10 shows arriving in February that we’re excited about

February’s schedule of new TV series is off the hook, with bold new sci-fi and period dramas plus adaptations of your favourite anime and best-selling novels. Here’s Eliza Janssen’s top picks for the shows you’ll probably be raving about throughout the month.

Avatar: The Last Airbender

Alright, ALRIGHT: everybody stop yelling at me for a minute. I’m just saying…Netflix’s adaptation of a beloved American anime series looks, so far, very similar to the widely loathed M. Night Shyamalan movie. I’m sorry! Stop throwing things! Hopefully a ginormous budget, a more authentic Asian cast and aesthetics, and even (at the very least) the corrected pronunciation of character names should push this epic reimagining beyond the doldrums of that film. Expect many, many more seasons down the track à la Stranger Things if this first chapter pans out as the streamer expects.


Poor Noomi Rapace tends to have a pretty crummy time in outer space. Reminding us of her role in Prometheus, the graceful actor stars in this new Apple TV+ sci-fi series, in which her astronaut survives a deadly accident aboard a space station only to find her family life on earth in tatters. Breaking Bad star Jonathan Banks is amongst the supporting cast for this time-space-twisting drama, with a tagline that temptingly reads: “reality is a conspiracy”. Time to put on our tinfoil hats, maybe.

Curb Your Enthusiasm: Season 12

It’s the end of Larry David’s long-running cult comedy as we know it, and he feels…fine? The trailers for the supposed final season of Curb show an unsettlingly chirpy Larry, admitting that his life is going far better than he’d ever expected. Don’t worry, though: we’re sure the show’s newest episodes will sic plenty of miserable social dilemmas upon the guy, ready for him to plant his foot in his mouth as usual, Ourouborous-like.

FEUD: Capote Vs. The Swans

“Tell me everything”, Tom Hollander squeaks as iconic mid-century scribe Truman Capote, in the trailer for Ryan Murphy’s latest scandal-obsessed miniseries. Following on from season one’s depiction of the battle between fading stars Joan Crawford and Bette Davis, season two delves into 1960s New York high society, where Capote infiltrated and then exposed a community of wealthy yet deeply unhappy socialites. The luminous female cast includes Naomi Watts, Demi Moore, Chloë Sevigny, Diane Lane, Calista Flockhart and Molly Ringwald, as the inner circle of women who Capote burned in his scathing literary take-downs.

One Day

Back in 2011, Anne Hathaway starred in a feature-length version of David Nicholls’ melancholy romance novel, and received meh reviews for her unconvincing Bri’ish accent. Now Netflix has got a legitimate UK team behind their episodic adaptation of the novel, again covering the tumultuous, on-again-off-again love story of university students Emma and Dexter. Each episode meets the pair on the same day of a different year, following how they and their initial attraction are changed by the cruel passing of time.

Mr. & Mrs. Smith: Season 1

An episodic remix of the Brangelina film of the same name, this Prime original sees comedy stars Donald Glover and Maya Erskine deep undercover, forced into a fake marriage to get their real spy work done. Now partners in marriage and profession, each episode follows the pair as they reluctantly draw closer to one another, discovering they might be a legit good match with each hit, heist, and adventure. Let’s hope the pair’s chemistry together lives up to their charisma in their own individual projects.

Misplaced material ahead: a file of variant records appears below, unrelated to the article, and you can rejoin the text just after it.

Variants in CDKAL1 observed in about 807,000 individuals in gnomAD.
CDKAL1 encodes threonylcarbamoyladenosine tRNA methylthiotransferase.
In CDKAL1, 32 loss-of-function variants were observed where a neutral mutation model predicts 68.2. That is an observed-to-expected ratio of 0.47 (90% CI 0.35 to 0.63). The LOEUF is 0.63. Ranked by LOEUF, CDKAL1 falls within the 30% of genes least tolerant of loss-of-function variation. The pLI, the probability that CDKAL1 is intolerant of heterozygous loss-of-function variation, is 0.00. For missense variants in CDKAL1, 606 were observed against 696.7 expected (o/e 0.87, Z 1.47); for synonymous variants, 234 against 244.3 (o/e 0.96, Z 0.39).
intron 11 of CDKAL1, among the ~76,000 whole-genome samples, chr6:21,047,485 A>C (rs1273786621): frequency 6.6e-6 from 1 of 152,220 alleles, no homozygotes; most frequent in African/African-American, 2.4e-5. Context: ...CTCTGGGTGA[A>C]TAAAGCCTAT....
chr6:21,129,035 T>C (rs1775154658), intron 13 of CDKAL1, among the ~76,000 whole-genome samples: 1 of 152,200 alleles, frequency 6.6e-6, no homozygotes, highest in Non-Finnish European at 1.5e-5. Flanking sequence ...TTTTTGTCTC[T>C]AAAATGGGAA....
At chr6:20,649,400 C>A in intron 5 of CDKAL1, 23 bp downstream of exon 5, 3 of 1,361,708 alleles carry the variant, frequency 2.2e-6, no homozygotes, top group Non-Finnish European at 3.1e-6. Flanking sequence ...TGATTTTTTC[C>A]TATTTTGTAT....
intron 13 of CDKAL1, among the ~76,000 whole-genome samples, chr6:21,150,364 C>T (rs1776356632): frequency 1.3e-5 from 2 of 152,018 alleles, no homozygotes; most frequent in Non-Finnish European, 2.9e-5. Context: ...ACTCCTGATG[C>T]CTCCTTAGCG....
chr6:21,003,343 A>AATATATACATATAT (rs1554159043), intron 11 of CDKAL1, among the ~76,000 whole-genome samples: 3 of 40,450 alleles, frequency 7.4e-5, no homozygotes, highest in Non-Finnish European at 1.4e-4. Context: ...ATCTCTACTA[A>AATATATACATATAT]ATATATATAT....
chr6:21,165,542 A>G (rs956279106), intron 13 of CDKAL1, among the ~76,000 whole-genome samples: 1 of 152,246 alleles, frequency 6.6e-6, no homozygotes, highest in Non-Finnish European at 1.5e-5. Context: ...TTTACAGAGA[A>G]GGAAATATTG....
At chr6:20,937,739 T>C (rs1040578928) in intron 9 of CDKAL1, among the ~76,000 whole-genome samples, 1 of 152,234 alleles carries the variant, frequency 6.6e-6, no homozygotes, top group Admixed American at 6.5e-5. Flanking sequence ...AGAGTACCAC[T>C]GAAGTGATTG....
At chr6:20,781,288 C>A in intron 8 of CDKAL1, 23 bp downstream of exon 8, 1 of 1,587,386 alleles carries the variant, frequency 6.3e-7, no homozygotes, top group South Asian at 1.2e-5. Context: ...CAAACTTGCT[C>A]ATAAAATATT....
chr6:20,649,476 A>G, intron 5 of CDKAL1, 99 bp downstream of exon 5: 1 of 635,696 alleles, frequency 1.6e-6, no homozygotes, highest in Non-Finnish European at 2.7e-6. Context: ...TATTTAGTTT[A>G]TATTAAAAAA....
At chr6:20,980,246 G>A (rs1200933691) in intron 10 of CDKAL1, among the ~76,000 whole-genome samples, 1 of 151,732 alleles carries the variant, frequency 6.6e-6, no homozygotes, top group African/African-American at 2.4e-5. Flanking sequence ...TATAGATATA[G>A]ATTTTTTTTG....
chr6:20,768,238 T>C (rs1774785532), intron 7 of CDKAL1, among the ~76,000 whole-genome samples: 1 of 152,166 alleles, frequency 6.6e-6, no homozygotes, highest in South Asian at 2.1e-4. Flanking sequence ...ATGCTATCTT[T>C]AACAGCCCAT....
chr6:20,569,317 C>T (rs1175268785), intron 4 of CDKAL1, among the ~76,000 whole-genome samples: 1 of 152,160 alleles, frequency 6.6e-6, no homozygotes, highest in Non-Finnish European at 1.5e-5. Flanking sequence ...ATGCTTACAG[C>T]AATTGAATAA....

The New Look

If you ate up the Balenciaga biopic series on Disney+, this portrait of legendary fashion designers Dior and Chanel will be right up your runway. Very Aussie star Ben Mendelsohn stars as Christian Dior, whose dream of a modernised feminine aesthetic rails against the gloom and conservatism of WWII-era Europe. Juliette Binoche is Coco Chanel, whose IRL Nazi allegiances will hopefully be acknowledged in the series? At the very least, expect great gowns, beautiful gowns.

The Second Best Hospital in the Galaxy

Following very much in the footsteps of high-randomness adult animated sci-fi hits like Rick & Morty, this new Prime original has an out-of-this-world voice cast. Oscar-nominee Stephanie Hsu and the ever-charismatic Keke Palmer voice a pair of alien doctors at a dysfunctional intergalactic hospital, with Kieran Culkin, Maya Rudolph, and Natasha Lyonne as their peers. Nurse, bring me gloopy sight gags and familiar-sounding superstar voice cameos—stat!


Ambitious men from very different worlds experience an epic collision, in this historical drama set in feudal Japan. It’s based on a 1970s novel that was previously adapted into a 1980s TV series, but the saga of a British sailor (muso Cosmo Jarvis) teaming up with a powerful samurai lord (martial arts legend Hiroyuki Sanada) is perfected in the form of a big-budget, sweeping limited series. It’s a fictionalised retelling of true, culture-clashing events: well worth a dive down the Wikipedia rabbit hole once you’ve dipped your toes into the series.

Three Women (February 16)

Drawn from the imagined and semi-biographical portraiture of Lisa Taddeo’s novel, this new drama hones in on women in crises. Three of them, in particular, are on the verge of mid-life, marital, and adolescent breakdowns, unearthing new facets of their own desire and identity. It’s all chronicled by Shailene Woodley’s character, a writer whose own broken family gives her aching insight into the temptations and obstacles womanhood has in store.